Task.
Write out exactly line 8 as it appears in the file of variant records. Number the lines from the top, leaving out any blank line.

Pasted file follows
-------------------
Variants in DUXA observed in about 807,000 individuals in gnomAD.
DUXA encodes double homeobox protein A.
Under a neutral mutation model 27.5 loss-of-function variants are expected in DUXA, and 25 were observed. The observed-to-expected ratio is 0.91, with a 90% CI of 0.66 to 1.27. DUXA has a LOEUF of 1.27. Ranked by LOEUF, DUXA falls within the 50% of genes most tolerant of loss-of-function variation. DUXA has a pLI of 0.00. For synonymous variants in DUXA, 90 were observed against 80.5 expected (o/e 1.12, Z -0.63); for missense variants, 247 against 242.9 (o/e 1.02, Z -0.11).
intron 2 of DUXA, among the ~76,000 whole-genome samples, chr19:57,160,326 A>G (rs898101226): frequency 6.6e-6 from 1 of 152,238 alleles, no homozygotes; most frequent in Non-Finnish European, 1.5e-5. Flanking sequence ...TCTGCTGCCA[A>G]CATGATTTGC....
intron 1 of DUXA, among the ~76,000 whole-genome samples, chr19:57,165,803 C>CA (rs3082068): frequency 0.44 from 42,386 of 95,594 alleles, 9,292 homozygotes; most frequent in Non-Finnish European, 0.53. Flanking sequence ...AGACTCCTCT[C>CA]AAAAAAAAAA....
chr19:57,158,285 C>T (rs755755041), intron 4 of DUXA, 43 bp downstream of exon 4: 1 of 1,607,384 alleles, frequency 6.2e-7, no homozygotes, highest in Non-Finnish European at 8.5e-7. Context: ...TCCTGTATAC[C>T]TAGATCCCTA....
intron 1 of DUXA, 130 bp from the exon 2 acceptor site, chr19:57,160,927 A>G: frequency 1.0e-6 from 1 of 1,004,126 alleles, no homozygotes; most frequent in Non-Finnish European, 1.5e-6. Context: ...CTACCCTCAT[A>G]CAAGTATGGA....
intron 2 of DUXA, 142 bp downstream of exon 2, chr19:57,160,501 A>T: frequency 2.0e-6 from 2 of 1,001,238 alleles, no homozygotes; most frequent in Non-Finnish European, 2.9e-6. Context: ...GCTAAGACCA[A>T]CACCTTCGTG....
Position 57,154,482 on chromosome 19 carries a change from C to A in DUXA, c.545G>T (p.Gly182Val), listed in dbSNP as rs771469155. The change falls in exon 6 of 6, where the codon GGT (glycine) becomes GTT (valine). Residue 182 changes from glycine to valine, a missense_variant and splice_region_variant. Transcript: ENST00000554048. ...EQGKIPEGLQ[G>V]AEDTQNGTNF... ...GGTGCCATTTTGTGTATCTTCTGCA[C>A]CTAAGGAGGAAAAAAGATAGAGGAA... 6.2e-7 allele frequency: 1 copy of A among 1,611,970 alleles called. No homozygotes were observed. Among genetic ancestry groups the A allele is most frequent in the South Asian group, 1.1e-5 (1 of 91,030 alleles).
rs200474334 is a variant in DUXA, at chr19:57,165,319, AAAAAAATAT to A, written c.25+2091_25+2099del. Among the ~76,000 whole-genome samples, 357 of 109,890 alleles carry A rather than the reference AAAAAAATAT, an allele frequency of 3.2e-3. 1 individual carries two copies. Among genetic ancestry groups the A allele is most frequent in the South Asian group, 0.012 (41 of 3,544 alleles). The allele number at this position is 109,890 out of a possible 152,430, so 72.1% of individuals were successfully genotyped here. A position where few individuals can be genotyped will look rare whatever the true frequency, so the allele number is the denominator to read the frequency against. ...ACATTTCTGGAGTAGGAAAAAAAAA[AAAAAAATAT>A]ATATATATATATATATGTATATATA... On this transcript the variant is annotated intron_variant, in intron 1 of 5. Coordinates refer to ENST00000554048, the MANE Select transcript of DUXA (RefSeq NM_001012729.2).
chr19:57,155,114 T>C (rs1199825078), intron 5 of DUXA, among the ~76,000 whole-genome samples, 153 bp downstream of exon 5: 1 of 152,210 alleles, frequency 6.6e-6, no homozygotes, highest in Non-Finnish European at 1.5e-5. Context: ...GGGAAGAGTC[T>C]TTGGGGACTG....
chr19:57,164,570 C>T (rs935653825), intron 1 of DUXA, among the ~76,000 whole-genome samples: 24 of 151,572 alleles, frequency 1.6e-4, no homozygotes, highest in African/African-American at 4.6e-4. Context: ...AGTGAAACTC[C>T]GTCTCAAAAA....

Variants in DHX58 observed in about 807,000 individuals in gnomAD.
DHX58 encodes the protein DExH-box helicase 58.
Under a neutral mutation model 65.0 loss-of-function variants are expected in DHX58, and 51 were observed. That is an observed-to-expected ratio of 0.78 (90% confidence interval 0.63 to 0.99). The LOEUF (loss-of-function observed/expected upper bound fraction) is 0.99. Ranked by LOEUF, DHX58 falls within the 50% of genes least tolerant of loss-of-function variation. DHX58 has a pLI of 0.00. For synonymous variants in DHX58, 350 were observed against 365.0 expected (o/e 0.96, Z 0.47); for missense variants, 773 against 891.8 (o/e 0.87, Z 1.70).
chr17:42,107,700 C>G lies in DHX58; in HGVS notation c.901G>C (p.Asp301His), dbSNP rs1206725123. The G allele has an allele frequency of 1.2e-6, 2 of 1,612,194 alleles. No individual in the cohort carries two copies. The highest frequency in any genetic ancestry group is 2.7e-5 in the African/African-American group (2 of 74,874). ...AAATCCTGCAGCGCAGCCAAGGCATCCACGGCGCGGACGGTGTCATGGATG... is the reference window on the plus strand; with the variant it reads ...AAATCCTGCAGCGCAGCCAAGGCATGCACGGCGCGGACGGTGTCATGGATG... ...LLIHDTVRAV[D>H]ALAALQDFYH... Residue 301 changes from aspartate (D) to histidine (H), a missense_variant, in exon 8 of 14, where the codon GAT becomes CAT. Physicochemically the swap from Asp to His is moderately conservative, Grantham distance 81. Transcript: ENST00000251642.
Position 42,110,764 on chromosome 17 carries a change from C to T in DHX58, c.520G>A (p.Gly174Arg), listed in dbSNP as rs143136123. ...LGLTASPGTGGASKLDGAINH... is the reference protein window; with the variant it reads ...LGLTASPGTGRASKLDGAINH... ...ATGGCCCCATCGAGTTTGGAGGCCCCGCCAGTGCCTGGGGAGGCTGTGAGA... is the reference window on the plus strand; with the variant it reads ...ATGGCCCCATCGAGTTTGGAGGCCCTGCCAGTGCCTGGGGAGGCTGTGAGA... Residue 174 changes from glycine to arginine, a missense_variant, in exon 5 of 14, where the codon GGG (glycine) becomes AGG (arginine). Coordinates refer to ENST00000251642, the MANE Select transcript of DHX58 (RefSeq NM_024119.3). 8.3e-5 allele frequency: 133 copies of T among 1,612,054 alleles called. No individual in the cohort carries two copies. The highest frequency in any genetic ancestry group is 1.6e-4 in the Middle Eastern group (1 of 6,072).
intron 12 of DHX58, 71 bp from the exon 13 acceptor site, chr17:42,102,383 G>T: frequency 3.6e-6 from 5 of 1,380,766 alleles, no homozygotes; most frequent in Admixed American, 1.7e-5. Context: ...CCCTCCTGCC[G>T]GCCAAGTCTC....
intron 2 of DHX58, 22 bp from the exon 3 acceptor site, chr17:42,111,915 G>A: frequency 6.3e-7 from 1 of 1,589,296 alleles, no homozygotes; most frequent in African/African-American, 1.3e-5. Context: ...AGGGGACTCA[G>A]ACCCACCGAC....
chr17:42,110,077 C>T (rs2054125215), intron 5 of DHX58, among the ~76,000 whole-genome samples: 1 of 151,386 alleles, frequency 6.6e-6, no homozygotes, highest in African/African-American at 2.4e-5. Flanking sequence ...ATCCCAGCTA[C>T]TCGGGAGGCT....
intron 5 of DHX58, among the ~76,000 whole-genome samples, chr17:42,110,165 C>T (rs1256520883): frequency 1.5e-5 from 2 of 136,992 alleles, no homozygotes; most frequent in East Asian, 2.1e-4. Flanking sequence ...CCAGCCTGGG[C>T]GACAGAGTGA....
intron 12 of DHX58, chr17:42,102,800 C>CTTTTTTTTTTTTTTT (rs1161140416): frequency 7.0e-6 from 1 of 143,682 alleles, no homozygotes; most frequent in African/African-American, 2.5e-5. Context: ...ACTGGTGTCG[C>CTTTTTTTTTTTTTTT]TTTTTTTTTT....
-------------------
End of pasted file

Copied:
intron 2 of DUXA, 142 bp downstream of exon 2, chr19:57,160,501 A>T: frequency 2.0e-6 from 2 of 1,001,238 alleles, no homozygotes; most frequent in Non-Finnish European, 2.9e-6. Context: ...GCTAAGACCA[A>T]CACCTTCGTG....